"Jules," he said patiently. "I'm not scared of anything. Other than the past fifteen minutes, this has been the best day of my life. I got to marry you—the woman I love. I get to look forward to our life together. And if you'd give me the credit card, I could go and start having fun with Gus and Kelli. It would be thrice as nice if you would come too." He smiled benignly and extended his hand.

If she thought it was to take hers instead of the credit card, she might have given in.

But… no. No more.

"I can't." She went back to the window, card safely in her grip—a grip growing more tense every second.

"Is this about Webster?"

"What?"

"You don't like the little guy?"

"What are you talking about?"

"Webster! Emmanuel Lewis! Alex Karras! Susan Clark! 1983 to 1987! Come on, Jules, it was a classic among sitcoms!"

"I was six when it went off the air, Shawn. Forgive me for not remembering that much about it."

"But it was in syndication. It was on all the—"

"Then go!" she yelled. "Just go already!" She pointed to the door, and when he stared at her as if she'd lost her mind, she stalked to the door and yanked it open for him.

He left—staring at her the whole time as if truly, he were at a loss to understand her. At the last second, he darted in and kissed her on the cheek. "I'll be back in a bit, sweetie. You lie down and rest, okay?"

She wished she could slam the door behind him. Damn hotel doors didn't allow for fits of temper.

You will not cry yet.

The first thing she did was use her phone to notify the credit card company to cancel the card, because there was no doubt in her mind that Shawn had memorized the number, the expiration date and the CVV code. Second, she called the front desk and advised them not to allow any additional charges to the room because her credit card had been compromised. Did that include charges made by Mr. Spencer? Why yes, it did, thank you very much; and she told the clerk to notify her if anyone, including Mr. Spencer, tried to add charges to their room bill. And by the way I'm a cop, so assume I mean business.

Then she waited.

Thirteen minutes later, the desk clerk called to say Mr. Spencer had asked to charge food service for 1740 to their room and had been declined, and was asking why.

She said, "I can't tell you why without using profanity."

"I see," the clerk said nervously. "I'll just tell him the card's been declined, shall I?"

Excellent choice.

Then, after another fifteen minutes, sitting frozen in the chair and feeling progressively sicker and sicker, she began to cry.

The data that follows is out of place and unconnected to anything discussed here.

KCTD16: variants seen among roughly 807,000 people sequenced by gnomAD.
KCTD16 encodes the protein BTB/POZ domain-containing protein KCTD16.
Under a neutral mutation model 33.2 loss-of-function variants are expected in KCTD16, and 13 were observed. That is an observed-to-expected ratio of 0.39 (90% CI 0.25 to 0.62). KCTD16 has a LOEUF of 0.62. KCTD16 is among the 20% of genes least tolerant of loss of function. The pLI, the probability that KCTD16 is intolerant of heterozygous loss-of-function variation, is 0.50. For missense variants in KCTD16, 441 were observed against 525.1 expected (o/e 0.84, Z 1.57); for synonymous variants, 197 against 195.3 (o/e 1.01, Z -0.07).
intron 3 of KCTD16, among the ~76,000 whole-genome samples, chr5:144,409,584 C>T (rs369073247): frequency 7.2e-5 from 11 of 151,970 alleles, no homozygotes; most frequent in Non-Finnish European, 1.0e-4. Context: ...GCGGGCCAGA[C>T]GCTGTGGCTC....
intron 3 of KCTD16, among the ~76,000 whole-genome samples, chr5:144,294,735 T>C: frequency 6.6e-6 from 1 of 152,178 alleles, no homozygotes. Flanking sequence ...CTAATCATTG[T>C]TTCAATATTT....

She was eighty miles from home. She had the clothes she was wearing and her wallet, phone and housekeys. No transportation—certainly no keys to Gus' car.

I have to get out of here. I'll just rent a car and…

No. She would not rent a car, because she had brilliantly just cancelled her credit card.

I'll find a bus, then.

Doubtful, at his hour. Plus, her debit card was at home and she only had about fifteen dollars in cash. The marriage license had cost ninety dollars, money she only had because on her mad rush home after fighting with Carlton, she'd stopped by the bank with the intention of getting cash for retail and bakery therapy (but only got as far as buying the one bottle of sangria to drink herself near-silly with on her sofa).

It's only one night. Just go to sleep, and in the morning if you have to pitch a fit, pitch a fit to get him to take you home. If fit-pitching doesn't work, take Gus' keys and drive home alone.

But the more she thought about it, the more she looked around the room, the more she grasped that she had inexplicably married Shawn Spencer today, the more she understood she could not.

Could not.

Could not stay here.

It was ten-fifteen. The screaming would start before midnight.

Huh. That could be a plan. Get carried off to an asylum.

She cried, alone in the room meant for her honeymoon, and there was no place left in her head which wasn't full of regret, panic, fear and pain. And self-mockery, because that little damn voice had been offering a running commentary for hours—ever since Shawn pulled up at the hotel and beamed at her and said Oh hey I just remembered, this is where Gus and Kelli are staying; isn't that an amazing coincidence?

Oh Carlton, she thought between sobs, I am so sorry I've been so dumb.

And in that moment, she knew he was the only one who could help her.

If she could just stop crying long enough to make the call.